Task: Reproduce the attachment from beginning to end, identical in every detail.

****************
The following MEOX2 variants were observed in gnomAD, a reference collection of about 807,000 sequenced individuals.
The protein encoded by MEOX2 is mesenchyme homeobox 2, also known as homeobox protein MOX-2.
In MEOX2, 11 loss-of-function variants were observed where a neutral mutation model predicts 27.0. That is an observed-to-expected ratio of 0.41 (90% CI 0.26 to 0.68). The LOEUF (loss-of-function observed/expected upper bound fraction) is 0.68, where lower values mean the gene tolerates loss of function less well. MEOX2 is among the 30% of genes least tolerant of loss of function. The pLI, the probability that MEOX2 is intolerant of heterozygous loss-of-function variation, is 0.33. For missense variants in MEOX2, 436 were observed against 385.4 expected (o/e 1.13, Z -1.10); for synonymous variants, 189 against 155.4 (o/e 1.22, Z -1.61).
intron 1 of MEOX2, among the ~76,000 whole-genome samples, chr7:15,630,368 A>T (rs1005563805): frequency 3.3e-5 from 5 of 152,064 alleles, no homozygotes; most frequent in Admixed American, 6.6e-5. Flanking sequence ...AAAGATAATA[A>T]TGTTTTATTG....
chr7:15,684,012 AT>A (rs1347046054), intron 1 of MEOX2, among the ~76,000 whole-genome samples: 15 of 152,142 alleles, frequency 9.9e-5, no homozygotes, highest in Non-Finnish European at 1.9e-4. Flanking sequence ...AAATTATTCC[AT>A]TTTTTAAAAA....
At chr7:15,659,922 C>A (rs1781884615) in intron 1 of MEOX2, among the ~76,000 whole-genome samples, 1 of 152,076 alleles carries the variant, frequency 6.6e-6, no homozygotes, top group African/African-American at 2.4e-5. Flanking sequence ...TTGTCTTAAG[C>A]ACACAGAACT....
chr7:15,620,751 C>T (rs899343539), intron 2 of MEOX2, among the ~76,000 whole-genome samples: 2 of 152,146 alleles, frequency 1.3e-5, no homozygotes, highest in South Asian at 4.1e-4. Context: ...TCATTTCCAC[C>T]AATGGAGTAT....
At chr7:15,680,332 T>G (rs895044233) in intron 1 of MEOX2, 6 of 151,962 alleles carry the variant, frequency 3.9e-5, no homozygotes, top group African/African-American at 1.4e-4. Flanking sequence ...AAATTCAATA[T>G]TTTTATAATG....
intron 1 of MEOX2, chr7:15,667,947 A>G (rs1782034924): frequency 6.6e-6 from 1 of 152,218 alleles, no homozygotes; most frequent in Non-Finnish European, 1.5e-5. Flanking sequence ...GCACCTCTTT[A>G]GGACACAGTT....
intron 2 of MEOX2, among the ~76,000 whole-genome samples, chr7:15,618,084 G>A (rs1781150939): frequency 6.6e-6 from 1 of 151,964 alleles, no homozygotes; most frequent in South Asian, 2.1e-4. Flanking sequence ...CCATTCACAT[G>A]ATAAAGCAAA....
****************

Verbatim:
The following MEOX2 variants were observed in gnomAD, a reference collection of about 807,000 sequenced individuals.
The protein encoded by MEOX2 is mesenchyme homeobox 2, also known as homeobox protein MOX-2.
In MEOX2, 11 loss-of-function variants were observed where a neutral mutation model predicts 27.0. That is an observed-to-expected ratio of 0.41 (90% CI 0.26 to 0.68). The LOEUF (loss-of-function observed/expected upper bound fraction) is 0.68, where lower values mean the gene tolerates loss of function less well. MEOX2 is among the 30% of genes least tolerant of loss of function. The pLI, the probability that MEOX2 is intolerant of heterozygous loss-of-function variation, is 0.33. For missense variants in MEOX2, 436 were observed against 385.4 expected (o/e 1.13, Z -1.10); for synonymous variants, 189 against 155.4 (o/e 1.22, Z -1.61).
intron 1 of MEOX2, among the ~76,000 whole-genome samples, chr7:15,630,368 A>T (rs1005563805): frequency 3.3e-5 from 5 of 152,064 alleles, no homozygotes; most frequent in Admixed American, 6.6e-5. Flanking sequence ...AAAGATAATA[A>T]TGTTTTATTG....
chr7:15,684,012 AT>A (rs1347046054), intron 1 of MEOX2, among the ~76,000 whole-genome samples: 15 of 152,142 alleles, frequency 9.9e-5, no homozygotes, highest in Non-Finnish European at 1.9e-4. Flanking sequence ...AAATTATTCC[AT>A]TTTTTAAAAA....
At chr7:15,659,922 C>A (rs1781884615) in intron 1 of MEOX2, among the ~76,000 whole-genome samples, 1 of 152,076 alleles carries the variant, frequency 6.6e-6, no homozygotes, top group African/African-American at 2.4e-5. Flanking sequence ...TTGTCTTAAG[C>A]ACACAGAACT....
chr7:15,620,751 C>T (rs899343539), intron 2 of MEOX2, among the ~76,000 whole-genome samples: 2 of 152,146 alleles, frequency 1.3e-5, no homozygotes, highest in South Asian at 4.1e-4. Context: ...TCATTTCCAC[C>T]AATGGAGTAT....
At chr7:15,680,332 T>G (rs895044233) in intron 1 of MEOX2, 6 of 151,962 alleles carry the variant, frequency 3.9e-5, no homozygotes, top group African/African-American at 1.4e-4. Flanking sequence ...AAATTCAATA[T>G]TTTTATAATG....
intron 1 of MEOX2, chr7:15,667,947 A>G (rs1782034924): frequency 6.6e-6 from 1 of 152,218 alleles, no homozygotes; most frequent in Non-Finnish European, 1.5e-5. Flanking sequence ...GCACCTCTTT[A>G]GGACACAGTT....
intron 2 of MEOX2, among the ~76,000 whole-genome samples, chr7:15,618,084 G>A (rs1781150939): frequency 6.6e-6 from 1 of 151,964 alleles, no homozygotes; most frequent in South Asian, 2.1e-4. Flanking sequence ...CCATTCACAT[G>A]ATAAAGCAAA....